See Ritba Yoma 39a, but previously read the first Mishna in the fourth chapter of Yoma.

Mishna Yoma fourth chapter (folio 39a)

וְאוֹמֵר, לַיְיָ חַטָּאת. רַבִּי יִשְׁמָעֵאל אוֹמֵר, לֹא הָיָה צָרִיךְ לוֹמַר חַטָּאת, אֶלָּא לַיְיָ. וְהֵן עוֹנִין אַחֲרָיו, בָּרוּךְ שֵׁם כְּבוֹד מַלְכוּתוֹ לְעוֹלָם וָעֶד:

He said "for g-d Chatat"....


והקשה הר״ר אלחנן ז״ל לת״ק היאך אומר לה׳ חטאת דהא אמרינן בנדרים דלא לימא איניש לה׳ קרבן אלא קרבן לשם דילמ׳ פשע ואמר לה׳ ולא אמר קרבן ונמצא מזכיר שם שמים לבטלה. ותירץ ר״י ז״ל דשאני הכא דגלי קרא דכתיב אשר עלה עליו הגורל לה׳ והדר ועשהו חטאת. א״נ דהתם מדרבנן בעלמא הוא אבל הכא בכהן גדול דזריז ולא פשע. ועוד שהרי יש שם הסגן ואב ב״ד דמדכרי ליה לו'. ועוד נ״ל והוא הנכון דהתם הוא דכי אמר לשם ותו לא איכא שם שמים לבטלה אבל הכא כי לא אמר חטאת ליכא שם שמים לבטלה כי מה שאמר לה׳ הוא סיום הגורל לומר כי מה שעלה בימינו הוא לה׳ וכדברי רבי ישמעאל. אלא שגזרת הכתוב הוא לת״ק שיאמר חטאת ולפי דברי התוספתא אין כהן גדול אומר כן אלא הסגן

The Rabbi Rav Elchanan asks, how is he allowed to say "Lashem Chatat", the Gemara in Nedarim recomens not to say "Lashem Korban" because we are worry he will say "Lashem" and not add "Korban" and therefore the result would be that G-d's name has been said in vain (Nedarim 10.1 And why not say korban laShem? - Lest one say laShem without korban, and thus utter the Divine Name in vain.). And Rabenu Yitschak answered that here is an exception to the rule (in Avodat Yom Hakippurim), the verse tells (Leviticus 16.10) "the goat upon which the Lord’s lot fell", and says afterward "and offer him for a sin offering". And he answered a second answer, the Cohen Gadol is zeleous and moreover he is not alone, there are Deputy Hight Priest and the Ministering Family who can remember him if he forgot to say Chatat. And Tosfot (the author is the Mordechai) gives a third answer, the right answer in his opinion, that generally when someone says "Lashem" and no more it is a vain mention of the name of G-d, but here, even if he says "Lashem" and nothing more because the mention of the name of g-d is the end of the lot. As he says that what he take in his right hand is for the g-d, as it is the case for Rabbi Yishmael. The fact that for Tana Kama he needs to say "Chatat" is only a consequence of the verse. …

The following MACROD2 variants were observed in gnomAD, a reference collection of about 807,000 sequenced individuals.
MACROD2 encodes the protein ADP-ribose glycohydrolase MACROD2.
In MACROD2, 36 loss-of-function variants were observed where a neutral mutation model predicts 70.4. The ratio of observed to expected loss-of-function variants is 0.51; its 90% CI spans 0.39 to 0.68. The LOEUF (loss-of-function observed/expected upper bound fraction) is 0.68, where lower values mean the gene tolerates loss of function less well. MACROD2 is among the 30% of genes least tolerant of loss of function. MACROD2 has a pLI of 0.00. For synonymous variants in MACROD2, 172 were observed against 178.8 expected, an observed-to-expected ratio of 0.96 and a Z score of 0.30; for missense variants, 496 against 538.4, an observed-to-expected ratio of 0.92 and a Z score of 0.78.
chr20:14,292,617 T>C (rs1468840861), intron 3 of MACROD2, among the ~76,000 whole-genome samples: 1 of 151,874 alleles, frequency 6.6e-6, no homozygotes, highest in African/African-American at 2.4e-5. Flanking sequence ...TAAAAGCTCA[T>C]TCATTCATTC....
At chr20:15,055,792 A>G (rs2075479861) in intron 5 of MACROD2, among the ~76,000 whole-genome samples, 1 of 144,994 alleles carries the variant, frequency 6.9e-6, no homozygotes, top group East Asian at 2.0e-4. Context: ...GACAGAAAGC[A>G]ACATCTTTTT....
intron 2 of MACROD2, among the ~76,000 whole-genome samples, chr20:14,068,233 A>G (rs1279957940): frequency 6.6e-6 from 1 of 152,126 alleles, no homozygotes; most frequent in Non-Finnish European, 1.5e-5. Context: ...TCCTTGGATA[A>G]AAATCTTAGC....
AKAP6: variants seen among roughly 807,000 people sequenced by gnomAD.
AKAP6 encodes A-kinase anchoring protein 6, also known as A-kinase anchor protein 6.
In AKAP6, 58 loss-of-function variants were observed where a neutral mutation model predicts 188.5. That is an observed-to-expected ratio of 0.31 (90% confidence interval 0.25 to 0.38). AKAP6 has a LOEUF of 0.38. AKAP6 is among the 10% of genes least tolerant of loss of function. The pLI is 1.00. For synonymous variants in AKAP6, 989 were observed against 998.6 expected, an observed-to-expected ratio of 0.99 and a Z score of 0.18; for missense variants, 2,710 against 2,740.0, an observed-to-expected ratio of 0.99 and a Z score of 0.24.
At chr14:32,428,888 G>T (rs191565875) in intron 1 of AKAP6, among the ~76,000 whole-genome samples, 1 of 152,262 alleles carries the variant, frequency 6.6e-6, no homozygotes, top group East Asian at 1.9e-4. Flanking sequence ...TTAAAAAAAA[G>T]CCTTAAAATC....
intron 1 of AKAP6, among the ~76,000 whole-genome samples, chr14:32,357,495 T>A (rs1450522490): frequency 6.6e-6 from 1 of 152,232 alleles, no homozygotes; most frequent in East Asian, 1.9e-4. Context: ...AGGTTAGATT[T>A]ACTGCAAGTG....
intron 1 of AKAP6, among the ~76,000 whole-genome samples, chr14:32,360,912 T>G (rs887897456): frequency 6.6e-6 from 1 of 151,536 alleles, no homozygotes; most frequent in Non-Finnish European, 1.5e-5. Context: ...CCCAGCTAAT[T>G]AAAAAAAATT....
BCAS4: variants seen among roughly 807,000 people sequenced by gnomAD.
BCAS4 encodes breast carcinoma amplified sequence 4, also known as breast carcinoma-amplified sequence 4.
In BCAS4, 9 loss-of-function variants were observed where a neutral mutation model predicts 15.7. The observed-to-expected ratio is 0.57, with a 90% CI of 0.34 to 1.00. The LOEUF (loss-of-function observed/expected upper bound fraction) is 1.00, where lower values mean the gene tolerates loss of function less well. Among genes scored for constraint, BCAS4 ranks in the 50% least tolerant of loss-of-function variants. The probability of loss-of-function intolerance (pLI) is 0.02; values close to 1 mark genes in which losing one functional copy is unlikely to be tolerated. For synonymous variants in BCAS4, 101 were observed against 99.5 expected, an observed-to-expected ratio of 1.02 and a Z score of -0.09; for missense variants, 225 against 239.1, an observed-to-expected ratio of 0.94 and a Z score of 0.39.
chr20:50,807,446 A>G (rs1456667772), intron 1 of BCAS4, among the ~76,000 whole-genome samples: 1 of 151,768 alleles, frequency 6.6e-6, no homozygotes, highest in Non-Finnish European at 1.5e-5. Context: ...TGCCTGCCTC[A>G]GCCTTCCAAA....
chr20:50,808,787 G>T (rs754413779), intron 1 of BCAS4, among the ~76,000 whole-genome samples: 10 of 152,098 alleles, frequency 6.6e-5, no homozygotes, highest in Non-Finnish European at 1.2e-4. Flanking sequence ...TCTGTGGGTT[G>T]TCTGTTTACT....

So, according to the question of Tosfot (and the answers doesn't contradict it), one should never say a sentence beginning by the Name of God.

Regarding the question about verses, obviously, Prophets say what g-d said them to say and there is no prohibition because they pronounce the name of g-d following the order of g-d.

  • 1
    Why is the first word special in this analysis? Would the same logic require that every sentence involving G-d's name be structured so that it were abandoned just after that name it would constitute a meaningful sentence?
    – Chaim
    Commented Jan 9, 2020 at 23:13
  • It's a proof of a meaningful speaking. And, aside, we are telling about two words sentences in the Gemara nedarim and in the ritba here, you can call it last word. I can add the anyway the more you are far from the beginning, the more you will probably reach a meaningful speaking
    – kouty
    Commented Jan 9, 2020 at 23:40
  • Not never, but definitely yes if bringing a korban Commented Jun 23, 2023 at 19:32